"I pledge allegiance to the Flag of the United States of America, and to the Republic for which it stands, one Nation indivisible, with liberty and justice for all."
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    Senior Member Array Chad Rogers's Avatar
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    I am aware of no laws that require a citizen to risk his life to help another.

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    VIP Member Array TedBeau's Avatar
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    I would agree that for John Q. Public no such law exisit. However there may be something that requires Public Safety Officers/ First Responders to act.
    I do know a guy that deals with juvinles that are housed in a care facility do to domestic issues. He told me that he is required to report anything concerning child safety, even when not at work. That is reporting only, but there may be something that requires police or paramedics to act.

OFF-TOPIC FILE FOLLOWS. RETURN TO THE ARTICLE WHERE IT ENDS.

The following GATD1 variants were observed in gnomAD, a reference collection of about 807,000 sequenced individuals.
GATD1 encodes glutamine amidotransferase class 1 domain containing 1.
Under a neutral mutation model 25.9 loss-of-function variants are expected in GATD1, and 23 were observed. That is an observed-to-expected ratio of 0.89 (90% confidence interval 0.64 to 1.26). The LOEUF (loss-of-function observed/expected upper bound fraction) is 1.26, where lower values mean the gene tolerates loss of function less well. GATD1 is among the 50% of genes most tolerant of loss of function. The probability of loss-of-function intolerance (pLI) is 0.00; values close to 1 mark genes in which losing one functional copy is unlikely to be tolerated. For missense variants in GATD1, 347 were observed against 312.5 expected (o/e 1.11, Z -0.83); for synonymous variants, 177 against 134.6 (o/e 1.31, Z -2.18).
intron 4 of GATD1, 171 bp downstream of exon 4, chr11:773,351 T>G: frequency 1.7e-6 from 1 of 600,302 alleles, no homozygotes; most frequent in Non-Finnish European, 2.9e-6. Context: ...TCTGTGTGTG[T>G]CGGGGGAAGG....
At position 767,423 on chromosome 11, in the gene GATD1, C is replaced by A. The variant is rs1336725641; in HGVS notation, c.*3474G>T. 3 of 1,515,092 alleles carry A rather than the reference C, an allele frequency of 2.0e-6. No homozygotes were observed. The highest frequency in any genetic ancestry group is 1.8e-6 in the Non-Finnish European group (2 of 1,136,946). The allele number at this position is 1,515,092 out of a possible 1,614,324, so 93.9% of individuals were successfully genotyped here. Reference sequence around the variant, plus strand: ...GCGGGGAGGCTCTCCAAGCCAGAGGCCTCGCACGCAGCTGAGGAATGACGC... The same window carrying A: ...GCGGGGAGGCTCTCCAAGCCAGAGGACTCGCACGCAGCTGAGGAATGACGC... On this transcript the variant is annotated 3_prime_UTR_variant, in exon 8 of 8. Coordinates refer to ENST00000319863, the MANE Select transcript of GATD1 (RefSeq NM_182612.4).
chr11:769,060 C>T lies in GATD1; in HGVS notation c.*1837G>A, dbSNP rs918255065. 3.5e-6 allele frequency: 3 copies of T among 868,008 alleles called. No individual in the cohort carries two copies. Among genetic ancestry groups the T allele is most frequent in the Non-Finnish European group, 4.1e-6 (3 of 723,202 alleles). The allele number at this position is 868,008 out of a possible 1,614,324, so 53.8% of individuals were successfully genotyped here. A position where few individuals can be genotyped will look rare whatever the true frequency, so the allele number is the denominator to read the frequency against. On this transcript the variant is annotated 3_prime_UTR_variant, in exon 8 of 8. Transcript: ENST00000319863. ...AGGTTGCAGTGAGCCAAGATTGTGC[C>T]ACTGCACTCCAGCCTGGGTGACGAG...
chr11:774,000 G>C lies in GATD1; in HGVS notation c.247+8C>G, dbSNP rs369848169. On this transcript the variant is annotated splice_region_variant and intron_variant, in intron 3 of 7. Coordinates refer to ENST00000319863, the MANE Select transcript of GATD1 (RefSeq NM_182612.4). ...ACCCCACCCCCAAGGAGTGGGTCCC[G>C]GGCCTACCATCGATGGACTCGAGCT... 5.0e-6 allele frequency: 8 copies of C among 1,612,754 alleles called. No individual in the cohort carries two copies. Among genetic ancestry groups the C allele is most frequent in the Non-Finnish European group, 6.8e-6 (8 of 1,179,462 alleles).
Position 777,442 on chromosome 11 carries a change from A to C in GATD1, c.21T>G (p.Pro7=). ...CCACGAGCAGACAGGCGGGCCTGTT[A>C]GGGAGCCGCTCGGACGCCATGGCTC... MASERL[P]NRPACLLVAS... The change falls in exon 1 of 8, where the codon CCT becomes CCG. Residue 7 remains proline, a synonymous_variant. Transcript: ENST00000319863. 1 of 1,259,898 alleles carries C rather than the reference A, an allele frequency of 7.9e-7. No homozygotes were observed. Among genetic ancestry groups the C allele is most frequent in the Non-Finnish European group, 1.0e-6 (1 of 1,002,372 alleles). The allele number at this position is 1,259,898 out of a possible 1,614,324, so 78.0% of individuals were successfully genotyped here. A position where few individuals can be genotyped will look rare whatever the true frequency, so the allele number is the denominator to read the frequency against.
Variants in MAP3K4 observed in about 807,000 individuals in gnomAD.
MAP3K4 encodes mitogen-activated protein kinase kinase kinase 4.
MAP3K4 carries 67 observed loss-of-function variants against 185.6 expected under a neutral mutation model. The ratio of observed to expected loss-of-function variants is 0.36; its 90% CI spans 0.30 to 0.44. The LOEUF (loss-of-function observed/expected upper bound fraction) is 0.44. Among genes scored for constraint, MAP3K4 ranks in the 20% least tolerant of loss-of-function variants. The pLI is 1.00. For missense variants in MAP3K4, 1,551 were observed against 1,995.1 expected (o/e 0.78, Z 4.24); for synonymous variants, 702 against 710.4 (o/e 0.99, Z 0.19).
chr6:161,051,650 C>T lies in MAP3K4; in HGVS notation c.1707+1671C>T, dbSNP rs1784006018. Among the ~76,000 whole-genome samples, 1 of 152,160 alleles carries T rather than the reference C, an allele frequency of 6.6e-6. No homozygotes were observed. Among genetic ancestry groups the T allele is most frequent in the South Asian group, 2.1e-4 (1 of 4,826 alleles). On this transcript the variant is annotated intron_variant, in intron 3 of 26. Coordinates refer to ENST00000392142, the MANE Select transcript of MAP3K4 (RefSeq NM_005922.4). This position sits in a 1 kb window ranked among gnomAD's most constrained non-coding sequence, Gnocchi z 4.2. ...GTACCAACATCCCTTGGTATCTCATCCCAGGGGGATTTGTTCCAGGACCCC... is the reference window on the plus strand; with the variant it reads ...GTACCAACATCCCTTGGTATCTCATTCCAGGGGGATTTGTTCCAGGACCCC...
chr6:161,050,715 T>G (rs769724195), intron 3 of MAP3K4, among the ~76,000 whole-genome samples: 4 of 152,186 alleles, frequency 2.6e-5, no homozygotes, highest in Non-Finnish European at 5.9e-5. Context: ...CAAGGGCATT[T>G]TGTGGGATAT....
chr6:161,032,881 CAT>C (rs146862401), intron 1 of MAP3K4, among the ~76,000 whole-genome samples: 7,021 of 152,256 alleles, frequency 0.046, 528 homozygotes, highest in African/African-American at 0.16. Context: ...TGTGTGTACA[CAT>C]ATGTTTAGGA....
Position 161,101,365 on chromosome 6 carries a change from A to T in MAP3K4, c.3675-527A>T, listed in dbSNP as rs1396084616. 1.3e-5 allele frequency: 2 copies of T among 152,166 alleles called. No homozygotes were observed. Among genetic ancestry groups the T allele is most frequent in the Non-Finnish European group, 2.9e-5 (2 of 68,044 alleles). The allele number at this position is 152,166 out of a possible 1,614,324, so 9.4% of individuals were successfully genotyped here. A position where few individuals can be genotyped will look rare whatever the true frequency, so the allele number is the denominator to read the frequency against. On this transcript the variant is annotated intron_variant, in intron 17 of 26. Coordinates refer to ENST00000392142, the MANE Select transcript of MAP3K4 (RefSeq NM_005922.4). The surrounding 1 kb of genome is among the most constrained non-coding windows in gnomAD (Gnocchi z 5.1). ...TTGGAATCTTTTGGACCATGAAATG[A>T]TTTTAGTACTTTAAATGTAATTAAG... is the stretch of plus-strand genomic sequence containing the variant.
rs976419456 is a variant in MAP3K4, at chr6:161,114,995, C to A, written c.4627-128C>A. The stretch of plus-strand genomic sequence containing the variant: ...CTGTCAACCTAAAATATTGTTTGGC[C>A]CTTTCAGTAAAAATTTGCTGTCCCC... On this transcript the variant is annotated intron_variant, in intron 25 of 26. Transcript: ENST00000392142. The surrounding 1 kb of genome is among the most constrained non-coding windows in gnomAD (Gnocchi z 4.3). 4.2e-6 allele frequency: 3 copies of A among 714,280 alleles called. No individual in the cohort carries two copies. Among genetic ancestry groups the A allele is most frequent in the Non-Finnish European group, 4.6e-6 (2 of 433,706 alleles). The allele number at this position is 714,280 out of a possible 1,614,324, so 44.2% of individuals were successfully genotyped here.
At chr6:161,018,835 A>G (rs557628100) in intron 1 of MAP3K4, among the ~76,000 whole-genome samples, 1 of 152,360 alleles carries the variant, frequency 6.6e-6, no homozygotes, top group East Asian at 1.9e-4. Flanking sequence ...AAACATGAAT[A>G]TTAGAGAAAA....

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    Member Array laguna0seca's Avatar
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    I remember hearing something about this law, as I remember, four friends ended up in jail for not intervening in a carjacking. Here is the story.

    However, in real life, and like Oakchas said, SCOTUS has ruled that LEOs have no duty to protect, so I would doubt there is a law that could require a private citizen to.
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    Member Array chivvalry's Avatar
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    The police have no duty to protect individuals.

    http://www.firearmsandliberty.com/ka...rotection.html
    "I pledge allegiance to the Flag of the United States of America, and to the Republic for which it stands, one Nation indivisible, with liberty and justice for all."
    You are not paranoid if They are actually out to get you, however, They probably are not and you probably are.